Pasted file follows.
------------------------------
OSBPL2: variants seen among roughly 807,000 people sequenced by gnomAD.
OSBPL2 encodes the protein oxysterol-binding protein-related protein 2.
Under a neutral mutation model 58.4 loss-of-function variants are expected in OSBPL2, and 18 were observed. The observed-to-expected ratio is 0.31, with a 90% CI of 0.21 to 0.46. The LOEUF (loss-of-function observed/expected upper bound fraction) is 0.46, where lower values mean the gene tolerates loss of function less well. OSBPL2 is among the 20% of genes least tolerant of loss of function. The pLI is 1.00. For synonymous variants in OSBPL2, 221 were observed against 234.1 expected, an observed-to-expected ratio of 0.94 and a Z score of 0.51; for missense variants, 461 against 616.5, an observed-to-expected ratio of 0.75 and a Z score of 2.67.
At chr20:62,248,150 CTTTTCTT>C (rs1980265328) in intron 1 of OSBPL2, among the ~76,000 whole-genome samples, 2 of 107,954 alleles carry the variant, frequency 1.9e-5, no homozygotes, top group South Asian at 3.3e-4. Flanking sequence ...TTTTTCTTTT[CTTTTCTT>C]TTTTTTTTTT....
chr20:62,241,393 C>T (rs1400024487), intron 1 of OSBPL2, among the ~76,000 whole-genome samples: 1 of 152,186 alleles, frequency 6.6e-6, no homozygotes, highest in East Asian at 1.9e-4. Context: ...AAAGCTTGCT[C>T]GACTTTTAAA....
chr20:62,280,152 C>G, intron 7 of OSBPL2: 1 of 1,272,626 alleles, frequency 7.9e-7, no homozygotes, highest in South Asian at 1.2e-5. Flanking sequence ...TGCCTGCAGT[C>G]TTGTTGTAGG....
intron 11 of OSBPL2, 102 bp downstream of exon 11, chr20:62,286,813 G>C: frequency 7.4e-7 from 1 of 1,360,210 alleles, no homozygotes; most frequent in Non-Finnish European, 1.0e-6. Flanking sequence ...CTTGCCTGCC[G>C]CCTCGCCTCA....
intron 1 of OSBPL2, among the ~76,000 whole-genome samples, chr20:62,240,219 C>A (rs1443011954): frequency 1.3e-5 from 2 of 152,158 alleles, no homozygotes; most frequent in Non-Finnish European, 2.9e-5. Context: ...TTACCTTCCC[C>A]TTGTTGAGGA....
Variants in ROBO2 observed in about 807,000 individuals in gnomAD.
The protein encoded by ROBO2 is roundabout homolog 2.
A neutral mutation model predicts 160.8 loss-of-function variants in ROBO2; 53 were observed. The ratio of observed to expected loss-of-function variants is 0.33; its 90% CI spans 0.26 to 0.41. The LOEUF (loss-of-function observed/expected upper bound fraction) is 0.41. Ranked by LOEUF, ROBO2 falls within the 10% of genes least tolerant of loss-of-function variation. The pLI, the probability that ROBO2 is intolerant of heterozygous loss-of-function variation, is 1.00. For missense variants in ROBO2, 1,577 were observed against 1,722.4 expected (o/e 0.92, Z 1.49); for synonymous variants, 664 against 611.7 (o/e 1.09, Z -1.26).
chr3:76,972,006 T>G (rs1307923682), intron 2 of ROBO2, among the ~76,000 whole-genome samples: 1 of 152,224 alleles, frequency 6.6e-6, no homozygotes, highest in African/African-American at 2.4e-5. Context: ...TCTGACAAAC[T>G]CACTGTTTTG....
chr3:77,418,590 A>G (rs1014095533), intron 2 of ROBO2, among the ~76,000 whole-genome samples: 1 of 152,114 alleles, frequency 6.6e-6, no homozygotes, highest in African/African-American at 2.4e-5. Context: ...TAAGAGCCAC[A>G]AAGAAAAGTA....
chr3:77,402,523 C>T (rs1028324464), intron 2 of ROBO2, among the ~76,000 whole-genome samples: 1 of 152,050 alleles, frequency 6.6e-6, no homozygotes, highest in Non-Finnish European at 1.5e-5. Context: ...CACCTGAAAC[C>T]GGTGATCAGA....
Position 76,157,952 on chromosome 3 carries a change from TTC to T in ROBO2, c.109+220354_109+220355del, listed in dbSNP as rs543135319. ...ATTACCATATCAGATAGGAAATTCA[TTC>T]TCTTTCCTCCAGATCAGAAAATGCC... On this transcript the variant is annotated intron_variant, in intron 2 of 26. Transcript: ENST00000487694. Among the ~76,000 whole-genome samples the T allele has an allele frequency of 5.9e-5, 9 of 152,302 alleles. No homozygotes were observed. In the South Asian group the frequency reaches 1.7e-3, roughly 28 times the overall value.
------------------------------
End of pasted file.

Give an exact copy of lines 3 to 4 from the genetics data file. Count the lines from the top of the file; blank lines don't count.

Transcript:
Under a neutral mutation model 58.4 loss-of-function variants are expected in OSBPL2, and 18 were observed. The observed-to-expected ratio is 0.31, with a 90% CI of 0.21 to 0.46. The LOEUF (loss-of-function observed/expected upper bound fraction) is 0.46, where lower values mean the gene tolerates loss of function less well. OSBPL2 is among the 20% of genes least tolerant of loss of function. The pLI is 1.00. For synonymous variants in OSBPL2, 221 were observed against 234.1 expected, an observed-to-expected ratio of 0.94 and a Z score of 0.51; for missense variants, 461 against 616.5, an observed-to-expected ratio of 0.75 and a Z score of 2.67.
At chr20:62,248,150 CTTTTCTT>C (rs1980265328) in intron 1 of OSBPL2, among the ~76,000 whole-genome samples, 2 of 107,954 alleles carry the variant, frequency 1.9e-5, no homozygotes, top group South Asian at 3.3e-4. Flanking sequence ...TTTTTCTTTT[CTTTTCTT>C]TTTTTTTTTT....